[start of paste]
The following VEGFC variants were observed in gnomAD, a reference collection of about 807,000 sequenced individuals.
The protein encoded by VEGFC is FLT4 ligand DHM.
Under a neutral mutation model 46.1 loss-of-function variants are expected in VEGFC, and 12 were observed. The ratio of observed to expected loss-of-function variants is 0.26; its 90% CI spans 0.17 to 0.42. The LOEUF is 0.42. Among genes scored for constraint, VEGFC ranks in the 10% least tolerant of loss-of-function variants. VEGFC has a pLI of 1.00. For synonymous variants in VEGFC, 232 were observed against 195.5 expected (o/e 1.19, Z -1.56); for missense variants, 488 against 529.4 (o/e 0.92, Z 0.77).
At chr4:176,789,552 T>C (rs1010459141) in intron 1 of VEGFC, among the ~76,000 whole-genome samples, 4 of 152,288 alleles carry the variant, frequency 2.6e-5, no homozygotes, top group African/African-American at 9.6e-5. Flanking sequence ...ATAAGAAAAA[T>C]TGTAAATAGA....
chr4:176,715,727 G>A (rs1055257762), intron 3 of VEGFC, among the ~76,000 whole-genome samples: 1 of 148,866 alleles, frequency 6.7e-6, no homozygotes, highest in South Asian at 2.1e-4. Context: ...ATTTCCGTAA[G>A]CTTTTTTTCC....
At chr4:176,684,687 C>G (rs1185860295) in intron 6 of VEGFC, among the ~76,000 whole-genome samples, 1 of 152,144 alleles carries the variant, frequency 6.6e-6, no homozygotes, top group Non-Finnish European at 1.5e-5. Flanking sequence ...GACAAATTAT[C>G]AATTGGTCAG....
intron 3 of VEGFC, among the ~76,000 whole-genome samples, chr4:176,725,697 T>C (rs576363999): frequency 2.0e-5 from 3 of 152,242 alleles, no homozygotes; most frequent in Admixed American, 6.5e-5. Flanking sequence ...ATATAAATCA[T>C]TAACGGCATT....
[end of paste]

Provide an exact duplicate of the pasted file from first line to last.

The following VEGFC variants were observed in gnomAD, a reference collection of about 807,000 sequenced individuals.
The protein encoded by VEGFC is FLT4 ligand DHM.
Under a neutral mutation model 46.1 loss-of-function variants are expected in VEGFC, and 12 were observed. The ratio of observed to expected loss-of-function variants is 0.26; its 90% CI spans 0.17 to 0.42. The LOEUF is 0.42. Among genes scored for constraint, VEGFC ranks in the 10% least tolerant of loss-of-function variants. VEGFC has a pLI of 1.00. For synonymous variants in VEGFC, 232 were observed against 195.5 expected (o/e 1.19, Z -1.56); for missense variants, 488 against 529.4 (o/e 0.92, Z 0.77).
At chr4:176,789,552 T>C (rs1010459141) in intron 1 of VEGFC, among the ~76,000 whole-genome samples, 4 of 152,288 alleles carry the variant, frequency 2.6e-5, no homozygotes, top group African/African-American at 9.6e-5. Flanking sequence ...ATAAGAAAAA[T>C]TGTAAATAGA....
chr4:176,715,727 G>A (rs1055257762), intron 3 of VEGFC, among the ~76,000 whole-genome samples: 1 of 148,866 alleles, frequency 6.7e-6, no homozygotes, highest in South Asian at 2.1e-4. Context: ...ATTTCCGTAA[G>A]CTTTTTTTCC....
At chr4:176,684,687 C>G (rs1185860295) in intron 6 of VEGFC, among the ~76,000 whole-genome samples, 1 of 152,144 alleles carries the variant, frequency 6.6e-6, no homozygotes, top group Non-Finnish European at 1.5e-5. Flanking sequence ...GACAAATTAT[C>G]AATTGGTCAG....
intron 3 of VEGFC, among the ~76,000 whole-genome samples, chr4:176,725,697 T>C (rs576363999): frequency 2.0e-5 from 3 of 152,242 alleles, no homozygotes; most frequent in Admixed American, 6.5e-5. Flanking sequence ...ATATAAATCA[T>C]TAACGGCATT....